Posted on Friday, September 7th, 2012 by Angie Han
In the age of Netflix, VOD, and online piracy, studios are still trying to figure out the best way to get consumers to actually purchase their media. And with disc sales declining and digital sales on the rise, Fox is looking to give the latter format a boost.
Fox is launching an effort to encourage online purchases by offering downloads of titles for $15 a pop weeks before they hit DVD / Blu-ray or VOD. The first movie released under the new model will be Prometheus, which will be available to download September 18 before hitting shelves in disc form on October 11. More after the jump.
Deadline and NYT reported on Fox’s “Digital HD” program today. The digital copies will be available through a number of online retailers, including Amazon, iTunes, PlayStation, Vudu, Xbox, and CinemaNow. The initiative also has Fox finally joining studios like Warner Bros. and Universal on the UltraViolet digital locker system, which allows consumers to play a film from any Internet-enabled device once they purchase the film.
While the program will start with Prometheus, Fox has plans to release all of its upcoming titles the same way for the forseeable future, including Abraham Lincoln: Vampire Hunter, Ice Age: Continental Drift, and The Watch. In addition, over 600 (presumably older) films will be offered under the Digital HD brand.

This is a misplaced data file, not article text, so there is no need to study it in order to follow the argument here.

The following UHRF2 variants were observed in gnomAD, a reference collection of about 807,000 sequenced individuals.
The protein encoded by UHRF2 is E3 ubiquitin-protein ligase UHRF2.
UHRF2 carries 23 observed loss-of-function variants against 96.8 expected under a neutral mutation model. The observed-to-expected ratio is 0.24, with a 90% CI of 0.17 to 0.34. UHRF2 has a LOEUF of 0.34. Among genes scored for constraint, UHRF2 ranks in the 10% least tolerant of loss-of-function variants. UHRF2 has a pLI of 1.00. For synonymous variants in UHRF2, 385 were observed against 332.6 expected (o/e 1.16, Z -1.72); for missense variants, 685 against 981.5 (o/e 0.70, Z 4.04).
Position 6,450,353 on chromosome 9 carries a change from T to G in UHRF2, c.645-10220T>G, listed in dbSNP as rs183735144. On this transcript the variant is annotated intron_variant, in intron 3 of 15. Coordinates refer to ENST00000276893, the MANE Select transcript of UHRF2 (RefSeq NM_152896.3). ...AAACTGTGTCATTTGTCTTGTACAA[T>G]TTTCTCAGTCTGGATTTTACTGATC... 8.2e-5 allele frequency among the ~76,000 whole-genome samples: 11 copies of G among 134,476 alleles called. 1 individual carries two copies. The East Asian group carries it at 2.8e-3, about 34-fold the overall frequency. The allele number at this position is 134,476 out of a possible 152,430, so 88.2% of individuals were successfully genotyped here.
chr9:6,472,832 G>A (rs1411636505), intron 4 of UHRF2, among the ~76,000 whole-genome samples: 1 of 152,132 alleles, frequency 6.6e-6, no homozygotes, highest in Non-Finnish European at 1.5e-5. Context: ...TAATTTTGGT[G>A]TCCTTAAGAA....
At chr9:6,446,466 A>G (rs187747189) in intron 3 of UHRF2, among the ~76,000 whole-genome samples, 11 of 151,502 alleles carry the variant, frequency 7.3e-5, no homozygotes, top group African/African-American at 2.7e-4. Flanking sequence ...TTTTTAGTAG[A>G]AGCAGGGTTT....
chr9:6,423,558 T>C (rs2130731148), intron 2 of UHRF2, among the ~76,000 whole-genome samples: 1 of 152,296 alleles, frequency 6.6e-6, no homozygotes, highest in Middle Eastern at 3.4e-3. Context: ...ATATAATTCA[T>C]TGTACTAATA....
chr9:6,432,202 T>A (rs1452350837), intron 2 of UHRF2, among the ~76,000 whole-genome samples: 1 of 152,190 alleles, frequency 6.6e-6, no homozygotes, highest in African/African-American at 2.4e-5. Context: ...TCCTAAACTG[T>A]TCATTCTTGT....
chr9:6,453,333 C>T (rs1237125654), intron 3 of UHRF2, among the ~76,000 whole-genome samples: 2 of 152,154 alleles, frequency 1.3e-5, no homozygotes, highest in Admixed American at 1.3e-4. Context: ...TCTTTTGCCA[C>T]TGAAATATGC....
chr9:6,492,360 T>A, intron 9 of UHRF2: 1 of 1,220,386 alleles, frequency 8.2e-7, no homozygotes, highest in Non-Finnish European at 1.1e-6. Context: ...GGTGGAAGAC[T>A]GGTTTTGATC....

The benefits for consumers are obvious. The $15 price tag marks a discount from the previous cost of about $20 a download, to say nothing of the $40 sticker price for a typical Blu-ray. Meanwhile, offering the downloads a few weeks earlier should entice customers without pissing off theater owners, who were angered last year when Fox and others tried to make titles available on demand just two months after they hit theaters.
Fox’s initiative doesn’t change the fact that Blu-ray’s still the best choice for picture and sound quality, and it should be noted that disc purchases often come with a digital copy (or voucher/code for one) anyway. But there are some situations in which the convenience of a cheaper downloaded copy outweights the advantages of a physical disc. Fox Filmed Entertainment co-chairman James Gianopulos predicted that consumers would opt to go digital for comedies, for example, to facilitate repeat viewings across multiple devices, while effects-heavy epics like Avatar and even Prometheus would continue to do well on Blu-ray.
Discuss: Will you take advantage of Fox’s program, are you sticking with VOD and Blu-rays?